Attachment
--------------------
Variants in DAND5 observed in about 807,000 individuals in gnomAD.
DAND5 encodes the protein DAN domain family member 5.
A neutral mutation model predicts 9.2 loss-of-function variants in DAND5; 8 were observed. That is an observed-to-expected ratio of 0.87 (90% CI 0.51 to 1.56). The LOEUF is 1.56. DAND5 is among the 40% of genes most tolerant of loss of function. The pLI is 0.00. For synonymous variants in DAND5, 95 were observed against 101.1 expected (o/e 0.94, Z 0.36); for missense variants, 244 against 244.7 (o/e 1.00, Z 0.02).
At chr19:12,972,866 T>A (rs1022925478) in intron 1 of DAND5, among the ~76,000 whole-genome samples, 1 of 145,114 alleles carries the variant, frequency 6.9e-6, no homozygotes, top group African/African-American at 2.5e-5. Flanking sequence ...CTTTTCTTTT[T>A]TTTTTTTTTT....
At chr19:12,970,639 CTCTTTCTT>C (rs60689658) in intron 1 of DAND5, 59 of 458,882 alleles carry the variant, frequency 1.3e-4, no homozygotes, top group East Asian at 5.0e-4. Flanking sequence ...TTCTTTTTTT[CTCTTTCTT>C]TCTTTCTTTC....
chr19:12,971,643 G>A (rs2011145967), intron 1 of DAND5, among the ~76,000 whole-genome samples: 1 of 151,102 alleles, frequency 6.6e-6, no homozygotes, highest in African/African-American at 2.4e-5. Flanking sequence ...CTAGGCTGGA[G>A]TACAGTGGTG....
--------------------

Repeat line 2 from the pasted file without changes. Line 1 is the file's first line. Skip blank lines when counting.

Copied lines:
DAND5 encodes the protein DAN domain family member 5.